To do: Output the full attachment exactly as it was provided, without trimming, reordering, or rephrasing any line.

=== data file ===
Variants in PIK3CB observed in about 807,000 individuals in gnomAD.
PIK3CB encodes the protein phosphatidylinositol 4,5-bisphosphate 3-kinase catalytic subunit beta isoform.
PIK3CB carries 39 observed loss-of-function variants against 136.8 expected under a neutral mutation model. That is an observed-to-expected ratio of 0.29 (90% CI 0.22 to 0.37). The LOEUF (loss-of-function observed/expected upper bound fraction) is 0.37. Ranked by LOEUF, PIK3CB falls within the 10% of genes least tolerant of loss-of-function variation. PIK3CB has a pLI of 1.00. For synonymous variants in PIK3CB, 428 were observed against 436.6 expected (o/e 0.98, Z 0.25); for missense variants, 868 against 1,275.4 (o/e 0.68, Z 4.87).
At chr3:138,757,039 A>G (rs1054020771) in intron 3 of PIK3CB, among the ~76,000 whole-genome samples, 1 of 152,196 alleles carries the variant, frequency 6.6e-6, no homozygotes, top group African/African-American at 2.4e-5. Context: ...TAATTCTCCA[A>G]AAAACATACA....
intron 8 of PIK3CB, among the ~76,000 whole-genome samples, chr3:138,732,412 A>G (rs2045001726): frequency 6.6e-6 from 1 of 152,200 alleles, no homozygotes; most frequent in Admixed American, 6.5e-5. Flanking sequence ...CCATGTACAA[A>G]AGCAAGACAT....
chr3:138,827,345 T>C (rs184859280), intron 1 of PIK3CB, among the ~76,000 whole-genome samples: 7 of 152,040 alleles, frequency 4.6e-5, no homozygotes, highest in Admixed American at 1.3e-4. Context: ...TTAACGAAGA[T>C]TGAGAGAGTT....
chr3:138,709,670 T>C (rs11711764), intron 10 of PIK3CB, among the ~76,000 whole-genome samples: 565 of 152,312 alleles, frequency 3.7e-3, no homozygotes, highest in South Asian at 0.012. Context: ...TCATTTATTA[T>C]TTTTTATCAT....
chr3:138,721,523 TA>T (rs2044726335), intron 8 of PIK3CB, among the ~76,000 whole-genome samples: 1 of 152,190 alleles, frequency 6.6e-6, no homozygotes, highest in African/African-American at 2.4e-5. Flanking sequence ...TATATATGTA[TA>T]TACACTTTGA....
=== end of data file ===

Variants in PIK3CB observed in about 807,000 individuals in gnomAD.
PIK3CB encodes the protein phosphatidylinositol 4,5-bisphosphate 3-kinase catalytic subunit beta isoform.
PIK3CB carries 39 observed loss-of-function variants against 136.8 expected under a neutral mutation model. That is an observed-to-expected ratio of 0.29 (90% CI 0.22 to 0.37). The LOEUF (loss-of-function observed/expected upper bound fraction) is 0.37. Ranked by LOEUF, PIK3CB falls within the 10% of genes least tolerant of loss-of-function variation. PIK3CB has a pLI of 1.00. For synonymous variants in PIK3CB, 428 were observed against 436.6 expected (o/e 0.98, Z 0.25); for missense variants, 868 against 1,275.4 (o/e 0.68, Z 4.87).
At chr3:138,757,039 A>G (rs1054020771) in intron 3 of PIK3CB, among the ~76,000 whole-genome samples, 1 of 152,196 alleles carries the variant, frequency 6.6e-6, no homozygotes, top group African/African-American at 2.4e-5. Context: ...TAATTCTCCA[A>G]AAAACATACA....
intron 8 of PIK3CB, among the ~76,000 whole-genome samples, chr3:138,732,412 A>G (rs2045001726): frequency 6.6e-6 from 1 of 152,200 alleles, no homozygotes; most frequent in Admixed American, 6.5e-5. Flanking sequence ...CCATGTACAA[A>G]AGCAAGACAT....
chr3:138,827,345 T>C (rs184859280), intron 1 of PIK3CB, among the ~76,000 whole-genome samples: 7 of 152,040 alleles, frequency 4.6e-5, no homozygotes, highest in Admixed American at 1.3e-4. Context: ...TTAACGAAGA[T>C]TGAGAGAGTT....
chr3:138,709,670 T>C (rs11711764), intron 10 of PIK3CB, among the ~76,000 whole-genome samples: 565 of 152,312 alleles, frequency 3.7e-3, no homozygotes, highest in South Asian at 0.012. Context: ...TCATTTATTA[T>C]TTTTTATCAT....
chr3:138,721,523 TA>T (rs2044726335), intron 8 of PIK3CB, among the ~76,000 whole-genome samples: 1 of 152,190 alleles, frequency 6.6e-6, no homozygotes, highest in African/African-American at 2.4e-5. Flanking sequence ...TATATATGTA[TA>T]TACACTTTGA....